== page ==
After the summit on Thursday, Presidents Park Geun-hye and Xi Jinping are to issue a joint statement, which observers presume will include their resolve to denuclearize the Korean Peninsula, but may fall short of singling out the North for denuclearization.
Xi is to arrive in Seoul on Thursday for a two-day state visit. He will be accompanied by a large economic delegation consisting of some 200 Chinese business and financial leaders.
|(left) President Park Geun-hye (Yonhap)|
(right) Chinese President Xi Jinping (Yonhap)
High on the agenda for the summit is likely to be North Korea’s nuclear weapons program.
During their summit last June, the leaders recognized that the development of nuclear weapons poses grave threats to peace and stability on the peninsula and beyond, without making any specific mention of North Korea.
In line with last year’s statement, Park and Xi are expected to reaffirm their opposition to Pyongyang’s possession of nuclear arms, analysts said.
Xi is likely to stress the need to resume the multilateral aid-for-denuclearization talks. Although Park has insisted that Pyongyang first show sincerity in its commitment to denuclearization, she could show more flexibility and lean toward dialogue, in a move to improve inter-Korean ties, observers said.
Last month, the foreign ministers of the two countries agreed on the need to resume meaningful dialogue to yield “substantive” progress on the North’s denuclearization and prevent the North from further sophisticating its nuclear technology. The ministers met to coordinate the agenda and schedule of the summit.
During Thursday’s summit, the two leaders are also likely to discuss the progress of free trade negotiations. Through 11 rounds of negotiations, the two countries have reached consensus on broad terms, agreeing to remove import tariffs on 90 percent of all products.
Observers said that the leaders could mention that the two countries are toward the tail end of their FTA negotiations.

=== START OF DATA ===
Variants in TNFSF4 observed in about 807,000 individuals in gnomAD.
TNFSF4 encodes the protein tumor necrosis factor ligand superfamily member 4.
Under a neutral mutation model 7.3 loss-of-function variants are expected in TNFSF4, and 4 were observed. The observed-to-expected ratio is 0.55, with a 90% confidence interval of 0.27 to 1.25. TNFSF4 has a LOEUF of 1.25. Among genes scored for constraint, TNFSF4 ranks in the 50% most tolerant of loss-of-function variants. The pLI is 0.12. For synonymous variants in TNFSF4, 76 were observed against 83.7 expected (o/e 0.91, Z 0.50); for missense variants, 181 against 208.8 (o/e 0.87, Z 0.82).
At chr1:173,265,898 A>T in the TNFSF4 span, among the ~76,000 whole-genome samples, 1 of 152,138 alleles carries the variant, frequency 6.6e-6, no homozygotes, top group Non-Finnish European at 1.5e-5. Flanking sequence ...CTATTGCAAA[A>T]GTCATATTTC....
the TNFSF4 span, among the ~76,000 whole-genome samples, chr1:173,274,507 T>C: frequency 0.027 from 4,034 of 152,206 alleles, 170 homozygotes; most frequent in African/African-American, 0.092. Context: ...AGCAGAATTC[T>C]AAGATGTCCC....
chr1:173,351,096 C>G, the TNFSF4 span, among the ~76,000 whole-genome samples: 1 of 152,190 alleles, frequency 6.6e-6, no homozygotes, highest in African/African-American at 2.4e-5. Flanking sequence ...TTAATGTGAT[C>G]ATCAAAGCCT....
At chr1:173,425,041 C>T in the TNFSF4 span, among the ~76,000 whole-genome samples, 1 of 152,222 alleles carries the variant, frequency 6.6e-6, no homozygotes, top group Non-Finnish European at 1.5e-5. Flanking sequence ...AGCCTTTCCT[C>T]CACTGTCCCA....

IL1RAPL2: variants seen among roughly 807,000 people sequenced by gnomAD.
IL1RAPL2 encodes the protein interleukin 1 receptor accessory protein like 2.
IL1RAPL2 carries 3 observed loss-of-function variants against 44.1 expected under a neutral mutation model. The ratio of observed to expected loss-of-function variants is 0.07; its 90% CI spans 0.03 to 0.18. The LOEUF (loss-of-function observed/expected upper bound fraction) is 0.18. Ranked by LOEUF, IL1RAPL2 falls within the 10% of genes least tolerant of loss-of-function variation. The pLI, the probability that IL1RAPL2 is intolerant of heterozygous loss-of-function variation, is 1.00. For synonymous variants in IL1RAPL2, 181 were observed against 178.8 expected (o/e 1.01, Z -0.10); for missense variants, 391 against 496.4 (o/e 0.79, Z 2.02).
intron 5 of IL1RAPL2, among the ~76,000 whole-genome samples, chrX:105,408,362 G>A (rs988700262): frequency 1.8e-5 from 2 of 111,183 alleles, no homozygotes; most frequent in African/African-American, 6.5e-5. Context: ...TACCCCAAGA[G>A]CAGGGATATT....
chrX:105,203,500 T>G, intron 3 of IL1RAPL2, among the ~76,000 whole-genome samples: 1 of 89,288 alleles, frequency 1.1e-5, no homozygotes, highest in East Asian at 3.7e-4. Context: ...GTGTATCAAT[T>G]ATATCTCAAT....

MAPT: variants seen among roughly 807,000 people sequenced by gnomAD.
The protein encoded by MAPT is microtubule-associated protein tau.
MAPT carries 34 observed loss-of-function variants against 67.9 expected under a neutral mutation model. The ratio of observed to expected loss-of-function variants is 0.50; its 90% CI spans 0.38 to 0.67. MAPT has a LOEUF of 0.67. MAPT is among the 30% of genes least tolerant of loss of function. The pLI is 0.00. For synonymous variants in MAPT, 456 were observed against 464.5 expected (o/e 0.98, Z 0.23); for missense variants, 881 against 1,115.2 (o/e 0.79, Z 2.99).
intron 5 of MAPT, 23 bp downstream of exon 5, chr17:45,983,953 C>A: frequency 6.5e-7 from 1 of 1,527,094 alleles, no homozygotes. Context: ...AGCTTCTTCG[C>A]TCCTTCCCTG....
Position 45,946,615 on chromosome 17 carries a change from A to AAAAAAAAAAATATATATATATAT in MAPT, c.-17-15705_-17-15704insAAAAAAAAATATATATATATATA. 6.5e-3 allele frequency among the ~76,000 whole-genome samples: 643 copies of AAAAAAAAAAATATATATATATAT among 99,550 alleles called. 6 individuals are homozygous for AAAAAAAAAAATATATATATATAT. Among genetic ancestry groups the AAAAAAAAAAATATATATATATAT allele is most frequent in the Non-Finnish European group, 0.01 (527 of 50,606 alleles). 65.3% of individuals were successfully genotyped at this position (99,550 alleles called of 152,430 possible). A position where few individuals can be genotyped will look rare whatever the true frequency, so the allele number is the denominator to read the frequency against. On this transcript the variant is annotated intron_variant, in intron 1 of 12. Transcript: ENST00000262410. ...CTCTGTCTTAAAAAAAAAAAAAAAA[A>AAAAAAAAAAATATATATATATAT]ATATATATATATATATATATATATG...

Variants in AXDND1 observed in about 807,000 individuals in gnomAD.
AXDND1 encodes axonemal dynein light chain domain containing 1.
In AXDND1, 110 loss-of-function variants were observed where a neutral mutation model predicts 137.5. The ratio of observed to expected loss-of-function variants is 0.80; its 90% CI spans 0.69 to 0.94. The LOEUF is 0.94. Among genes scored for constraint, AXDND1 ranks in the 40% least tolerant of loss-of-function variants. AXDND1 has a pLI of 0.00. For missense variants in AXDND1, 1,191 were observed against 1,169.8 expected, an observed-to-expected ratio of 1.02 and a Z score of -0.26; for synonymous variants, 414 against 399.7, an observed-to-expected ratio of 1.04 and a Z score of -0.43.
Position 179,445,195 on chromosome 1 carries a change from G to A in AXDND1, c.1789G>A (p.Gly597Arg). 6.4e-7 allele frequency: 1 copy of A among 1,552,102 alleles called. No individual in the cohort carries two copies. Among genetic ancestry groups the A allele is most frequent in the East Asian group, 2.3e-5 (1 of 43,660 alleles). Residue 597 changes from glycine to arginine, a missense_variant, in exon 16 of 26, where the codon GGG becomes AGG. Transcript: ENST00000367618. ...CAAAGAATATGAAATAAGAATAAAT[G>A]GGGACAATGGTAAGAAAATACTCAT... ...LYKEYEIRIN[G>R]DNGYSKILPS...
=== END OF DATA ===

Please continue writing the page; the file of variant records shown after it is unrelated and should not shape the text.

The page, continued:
The leaders could also discuss simmering historical feuds with Japan amid the rising international criticism of Tokyo’s move to undermine the credibility of its landmark 1993 apology for its mobilization of Asian women to frontline brothels during World War II.
But the issues involving Japan may not be on the “official agenda,” analysts said, given that Seoul appears reluctant to seriously damage its ties with Tokyo at a time when the U.S. wants its two core Asian allies to get along well to strengthen joint security cooperation to counter North Korean threats.
In the broader context of international politics, China experts noted that Xi’s visit to Seoul comes at an important juncture, with the rising Asian power seeking to expand its regional influence based on its economic and military clout.
China has recently called for a new Asian security structure excluding the U.S., revealed a new “Silk Road” vision to expand its cultural and economic reach in the region and beyond, and sought to establish the Asian Infrastructure Investment Bank, a scheme analysts say is intended to establish a China-led regional financial order.
“Amid all these moves, the summit between South Korea and China will take place. This is the reason why the world is closely watching what kind of agreement will come out of the summit,” said Kim Heung-kyu, diplomacy professor at Ajou University.
By Song Sang-ho (firstname.lastname@example.org)